Cameras to assess climate change in Karnataka forests

Karnataka is home to the largest portion of the fragile and UNESCO-designated heritage site, the Western Ghats.
Cameras to assess climate change in Karnataka forests

BENGALURU: Climate change is real, and so is its impact. To assess this effectively, three cameras are being installed, and centres are being established in the forests of Karnataka for the first time.

Karnataka is home to the largest portion of the fragile and UNESCO-designated heritage site, the Western Ghats. The ghats is also not spared from the impact of climate change, rapid urbanisation, a decline in green cover, and a change in land use.

To study the impact of climate change, the Department of Science and Technology under the Ministry of Science and Technology, along with the Environmental Management and Policy Research Institute (EMPRI) and Karnataka Forest Department, came together for a five-year-long climate change study by setting up centres in the evergreen and dry deciduous forests of Nagarahole, Dandeli, and Shivamogga.

“It is a five-year-long study starting in 2023–24. Last year, a baseline data base was prepared for the study, the locations were studied, and areas were shortlisted. By the end of May, the cameras will be installed. Earlier, Bannerghatta National Park was identified for the study but was dropped as it did not fit the required criteria. The entire project costs Rs 2.19 crore, and each camera costs Rs 15 lakh. The cameras will be installed in anti-poaching camps and inspection bungalows. The natural habitat of the area is not being disturbed for this. They are being set up at canopy level,” an official told The New Sunday Express.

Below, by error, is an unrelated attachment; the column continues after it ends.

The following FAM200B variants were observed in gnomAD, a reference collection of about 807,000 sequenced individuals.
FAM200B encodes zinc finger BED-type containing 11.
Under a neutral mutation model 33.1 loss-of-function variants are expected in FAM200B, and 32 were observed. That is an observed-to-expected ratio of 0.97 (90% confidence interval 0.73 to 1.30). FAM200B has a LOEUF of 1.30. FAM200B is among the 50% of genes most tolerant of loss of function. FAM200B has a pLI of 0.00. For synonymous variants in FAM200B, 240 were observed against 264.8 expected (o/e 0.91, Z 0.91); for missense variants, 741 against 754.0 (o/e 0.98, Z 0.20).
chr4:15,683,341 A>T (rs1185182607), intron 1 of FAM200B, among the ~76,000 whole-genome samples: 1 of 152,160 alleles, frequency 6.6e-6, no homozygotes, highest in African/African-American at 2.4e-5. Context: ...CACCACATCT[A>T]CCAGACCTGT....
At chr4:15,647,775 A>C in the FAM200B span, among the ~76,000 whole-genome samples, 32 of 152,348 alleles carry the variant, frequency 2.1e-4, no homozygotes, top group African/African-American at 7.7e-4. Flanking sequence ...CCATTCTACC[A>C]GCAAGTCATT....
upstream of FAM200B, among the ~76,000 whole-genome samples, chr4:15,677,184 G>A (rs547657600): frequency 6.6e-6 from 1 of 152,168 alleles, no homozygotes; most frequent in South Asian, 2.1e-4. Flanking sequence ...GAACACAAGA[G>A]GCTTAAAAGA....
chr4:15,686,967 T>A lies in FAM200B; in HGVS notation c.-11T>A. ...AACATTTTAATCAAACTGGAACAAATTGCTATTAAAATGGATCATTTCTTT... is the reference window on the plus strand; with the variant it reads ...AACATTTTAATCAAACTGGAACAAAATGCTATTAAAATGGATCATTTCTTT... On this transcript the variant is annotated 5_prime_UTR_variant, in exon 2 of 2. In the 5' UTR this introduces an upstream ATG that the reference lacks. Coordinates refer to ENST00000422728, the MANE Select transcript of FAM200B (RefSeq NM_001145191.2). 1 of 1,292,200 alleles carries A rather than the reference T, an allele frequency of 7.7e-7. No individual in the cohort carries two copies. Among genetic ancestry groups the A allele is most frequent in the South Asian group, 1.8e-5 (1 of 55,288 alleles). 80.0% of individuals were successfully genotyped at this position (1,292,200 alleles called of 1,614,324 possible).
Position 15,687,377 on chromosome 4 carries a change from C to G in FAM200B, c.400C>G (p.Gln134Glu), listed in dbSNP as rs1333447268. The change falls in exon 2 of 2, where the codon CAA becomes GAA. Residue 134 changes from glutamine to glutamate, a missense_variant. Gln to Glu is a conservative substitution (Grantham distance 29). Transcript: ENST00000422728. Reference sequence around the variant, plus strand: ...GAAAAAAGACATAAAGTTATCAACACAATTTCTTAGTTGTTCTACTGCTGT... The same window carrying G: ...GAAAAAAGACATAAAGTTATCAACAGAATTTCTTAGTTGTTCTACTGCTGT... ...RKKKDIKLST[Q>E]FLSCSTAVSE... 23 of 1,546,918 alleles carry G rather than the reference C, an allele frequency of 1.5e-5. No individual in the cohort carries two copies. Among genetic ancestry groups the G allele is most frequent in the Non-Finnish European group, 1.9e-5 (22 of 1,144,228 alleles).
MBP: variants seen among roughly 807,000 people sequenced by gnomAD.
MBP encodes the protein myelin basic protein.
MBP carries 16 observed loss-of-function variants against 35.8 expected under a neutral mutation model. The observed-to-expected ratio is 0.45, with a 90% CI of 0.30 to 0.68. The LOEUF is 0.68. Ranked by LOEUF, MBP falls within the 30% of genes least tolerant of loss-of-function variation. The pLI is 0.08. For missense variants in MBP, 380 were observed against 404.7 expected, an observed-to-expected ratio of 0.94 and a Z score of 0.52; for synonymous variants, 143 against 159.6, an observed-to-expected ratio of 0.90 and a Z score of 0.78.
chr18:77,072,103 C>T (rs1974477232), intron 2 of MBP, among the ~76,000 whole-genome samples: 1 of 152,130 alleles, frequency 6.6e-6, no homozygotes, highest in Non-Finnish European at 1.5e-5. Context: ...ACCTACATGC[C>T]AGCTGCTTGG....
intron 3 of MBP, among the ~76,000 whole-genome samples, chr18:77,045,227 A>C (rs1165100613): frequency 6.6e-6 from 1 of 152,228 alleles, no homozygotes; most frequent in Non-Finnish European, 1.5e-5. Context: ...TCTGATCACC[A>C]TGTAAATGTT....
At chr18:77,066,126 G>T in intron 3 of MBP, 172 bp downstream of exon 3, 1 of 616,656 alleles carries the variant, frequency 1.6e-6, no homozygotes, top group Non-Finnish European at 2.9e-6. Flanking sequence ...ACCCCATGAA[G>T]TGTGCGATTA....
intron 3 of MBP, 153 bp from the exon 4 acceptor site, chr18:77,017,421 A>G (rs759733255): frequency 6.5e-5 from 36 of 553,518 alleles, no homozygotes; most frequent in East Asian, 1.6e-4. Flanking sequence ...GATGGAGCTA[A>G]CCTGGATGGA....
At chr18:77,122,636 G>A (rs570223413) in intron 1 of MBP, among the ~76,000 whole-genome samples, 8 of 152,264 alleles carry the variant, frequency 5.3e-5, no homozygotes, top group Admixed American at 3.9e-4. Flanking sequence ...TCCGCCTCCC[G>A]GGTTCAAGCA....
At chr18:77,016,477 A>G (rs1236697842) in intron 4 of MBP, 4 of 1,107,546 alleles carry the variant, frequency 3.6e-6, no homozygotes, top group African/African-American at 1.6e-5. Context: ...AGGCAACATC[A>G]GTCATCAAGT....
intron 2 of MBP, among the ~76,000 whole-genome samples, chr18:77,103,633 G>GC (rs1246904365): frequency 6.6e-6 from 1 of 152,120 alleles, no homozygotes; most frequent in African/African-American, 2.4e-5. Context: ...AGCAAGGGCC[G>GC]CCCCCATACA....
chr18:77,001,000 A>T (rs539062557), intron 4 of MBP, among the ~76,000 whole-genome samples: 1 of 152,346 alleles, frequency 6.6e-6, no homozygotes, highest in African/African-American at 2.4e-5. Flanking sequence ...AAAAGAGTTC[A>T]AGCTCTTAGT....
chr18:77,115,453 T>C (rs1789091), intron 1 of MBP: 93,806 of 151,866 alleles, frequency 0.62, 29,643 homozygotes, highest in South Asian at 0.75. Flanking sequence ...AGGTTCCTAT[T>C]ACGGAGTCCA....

The study will be done all 365 days of the year, 24x7. Teams from the State and Union government agencies are part of the study. They will be collecting data and images on a daily basis for assessment. Detailed workshops and training have been done for the study over the last year.

The official added that 42 government departments, including agriculture, horticulture, energy, and even irrigation, have been involved in the study, and EMPRI will be the nodal agency. “Each department was told to prepare a database. This study will help them assess the impact of climate change on their sectors and, hence, help in preparing better management plans. “Through the study, soil, nutrients, vegetation, leaf change and leaf litter, carbon in the soil, change in cropping pattern, season change, and seasonal impact will be studied,” the official added.

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